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The root is also found in Flemish boe ("brother"), Norwegian dialectal boa ("brother"), and, through a reduplicated variant *bō-bō-, in Old Norse bófi, Dutch boef "(criminal) knave, rogue", German Bube ("knave, rogue, boy").
Furthermore, the word may be related to Bōia, an Anglo-Saxon personal name.
The word "boy" comes from Middle English boi, boye ("boy, servant"), related to other Germanic words for boy, namely East Frisian boi ("boy, young man") and West Frisian boai ("boy").
Although the exact etymology is obscure, the English and Frisian forms probably derive from an earlier Anglo-Frisian *bō-ja ("little brother"), a diminutive of the Germanic root *bō- ("brother, male relation"), from Proto-Indo-European *bhā-, *bhāt- ("father, brother").
In English, the words youth, teenager and adolescent may refer to either male or female.
No gender-specific term exists for an intermediate stage between a boy and a man, except "young man", although the term puberty, for one who reached sexual reproductivity (or the legally assumed age, e.g.
The members of a student fraternity can be called frat(ernity) boys, technically preferable to the pleonasm frat-bro(ther), and remain so for life as adults, after graduation.
In sports 'the boys' commonly refers to the teammates; e.g., UK football managers quite often refer to their players as "The boy so-and-so" and this usage is by no means restricted to the youngest players, though it is rarely applied to the most senior.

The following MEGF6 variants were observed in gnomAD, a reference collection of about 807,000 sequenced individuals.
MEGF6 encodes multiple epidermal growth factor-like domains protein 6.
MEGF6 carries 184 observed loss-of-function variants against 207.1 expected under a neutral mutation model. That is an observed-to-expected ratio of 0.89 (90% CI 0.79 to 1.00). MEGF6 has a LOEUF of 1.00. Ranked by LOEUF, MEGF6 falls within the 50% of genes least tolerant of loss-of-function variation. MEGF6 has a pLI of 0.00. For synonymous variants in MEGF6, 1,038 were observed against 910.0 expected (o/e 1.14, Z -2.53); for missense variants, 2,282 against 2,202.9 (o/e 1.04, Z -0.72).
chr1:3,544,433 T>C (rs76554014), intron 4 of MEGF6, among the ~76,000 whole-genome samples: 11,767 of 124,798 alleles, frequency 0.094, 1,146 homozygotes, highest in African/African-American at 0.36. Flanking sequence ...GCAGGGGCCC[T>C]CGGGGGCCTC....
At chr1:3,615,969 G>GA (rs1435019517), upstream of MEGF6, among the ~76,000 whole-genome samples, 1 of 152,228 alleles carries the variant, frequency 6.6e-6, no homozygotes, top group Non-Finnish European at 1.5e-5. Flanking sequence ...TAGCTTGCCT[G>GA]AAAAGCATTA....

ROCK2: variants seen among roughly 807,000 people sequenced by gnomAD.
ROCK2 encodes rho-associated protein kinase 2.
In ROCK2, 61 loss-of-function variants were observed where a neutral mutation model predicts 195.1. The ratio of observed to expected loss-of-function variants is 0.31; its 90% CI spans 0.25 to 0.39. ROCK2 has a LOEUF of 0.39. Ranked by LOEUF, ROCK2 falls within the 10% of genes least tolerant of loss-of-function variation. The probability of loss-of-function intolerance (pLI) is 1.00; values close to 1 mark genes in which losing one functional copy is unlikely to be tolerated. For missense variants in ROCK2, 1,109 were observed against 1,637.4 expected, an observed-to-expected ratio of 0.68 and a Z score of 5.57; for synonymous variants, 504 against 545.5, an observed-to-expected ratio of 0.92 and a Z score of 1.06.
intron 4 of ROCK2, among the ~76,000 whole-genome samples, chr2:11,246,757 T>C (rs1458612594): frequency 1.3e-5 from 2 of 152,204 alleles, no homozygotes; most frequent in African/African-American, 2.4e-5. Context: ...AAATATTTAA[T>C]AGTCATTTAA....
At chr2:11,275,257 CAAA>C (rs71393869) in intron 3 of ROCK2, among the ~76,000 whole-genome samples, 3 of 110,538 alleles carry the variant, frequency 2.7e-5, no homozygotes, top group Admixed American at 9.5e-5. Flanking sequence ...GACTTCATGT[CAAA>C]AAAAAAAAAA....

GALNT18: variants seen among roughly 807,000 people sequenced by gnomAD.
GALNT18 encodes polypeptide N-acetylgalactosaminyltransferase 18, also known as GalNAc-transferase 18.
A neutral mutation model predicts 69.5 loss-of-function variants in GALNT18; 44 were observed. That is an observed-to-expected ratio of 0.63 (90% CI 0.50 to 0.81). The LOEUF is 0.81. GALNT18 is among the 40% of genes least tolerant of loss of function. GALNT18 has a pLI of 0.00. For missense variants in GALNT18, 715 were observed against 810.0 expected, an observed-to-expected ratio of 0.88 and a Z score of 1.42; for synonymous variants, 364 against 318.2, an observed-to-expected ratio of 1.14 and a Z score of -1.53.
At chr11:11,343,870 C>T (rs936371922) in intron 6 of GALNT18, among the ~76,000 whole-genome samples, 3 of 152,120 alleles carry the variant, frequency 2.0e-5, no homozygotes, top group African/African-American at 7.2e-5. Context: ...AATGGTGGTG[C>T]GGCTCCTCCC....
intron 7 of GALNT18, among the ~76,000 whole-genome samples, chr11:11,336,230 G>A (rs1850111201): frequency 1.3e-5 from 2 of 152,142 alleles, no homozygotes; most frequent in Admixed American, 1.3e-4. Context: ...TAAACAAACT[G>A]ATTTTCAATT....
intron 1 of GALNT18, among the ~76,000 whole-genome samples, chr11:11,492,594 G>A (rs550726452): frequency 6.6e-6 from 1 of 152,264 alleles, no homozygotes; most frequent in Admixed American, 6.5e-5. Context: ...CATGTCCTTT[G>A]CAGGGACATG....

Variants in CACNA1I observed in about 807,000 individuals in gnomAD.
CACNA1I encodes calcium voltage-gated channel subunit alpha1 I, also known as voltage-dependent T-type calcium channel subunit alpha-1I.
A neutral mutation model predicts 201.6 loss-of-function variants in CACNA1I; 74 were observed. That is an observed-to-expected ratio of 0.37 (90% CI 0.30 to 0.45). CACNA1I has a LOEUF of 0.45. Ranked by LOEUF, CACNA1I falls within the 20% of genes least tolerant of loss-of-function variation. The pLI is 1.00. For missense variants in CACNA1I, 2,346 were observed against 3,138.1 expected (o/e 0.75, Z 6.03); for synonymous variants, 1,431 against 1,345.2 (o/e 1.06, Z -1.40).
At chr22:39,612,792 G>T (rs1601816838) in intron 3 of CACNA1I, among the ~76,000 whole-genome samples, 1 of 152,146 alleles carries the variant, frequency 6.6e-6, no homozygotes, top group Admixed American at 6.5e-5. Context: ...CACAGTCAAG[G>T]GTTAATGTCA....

Similarly schoolboy only applies to minors; the modern near-synonym pupil originally designated a minor in Roman law as being under a specific adult's authority, as in loco parentis.
Thus the compound -man can then be replaced by -boy, as in footboy; or boy is simply added, either as a prefix (e.g., in boy-racer) or as a suffix (e.g., in Teddy Boy).
An adult equivalent (with or without -man) is not to be expected when -boy designates an apprentice (for which some languages use a compound with the equivalent of boy, e.g.
In some Middle Eastern cultures, characteristics affirming boyhood include physiological features associated with prepubescence, such as pubelessness and the inability to ejaculate.
An adult male human is a man, but when age is not a crucial factor, both terms can be interchangeable, e.g., 'boys and their toys' applies equally to adults and young boys, just as 'Are you mice or men? The age boundary is not clear cut, rather dependent on the context or even on individual circumstances.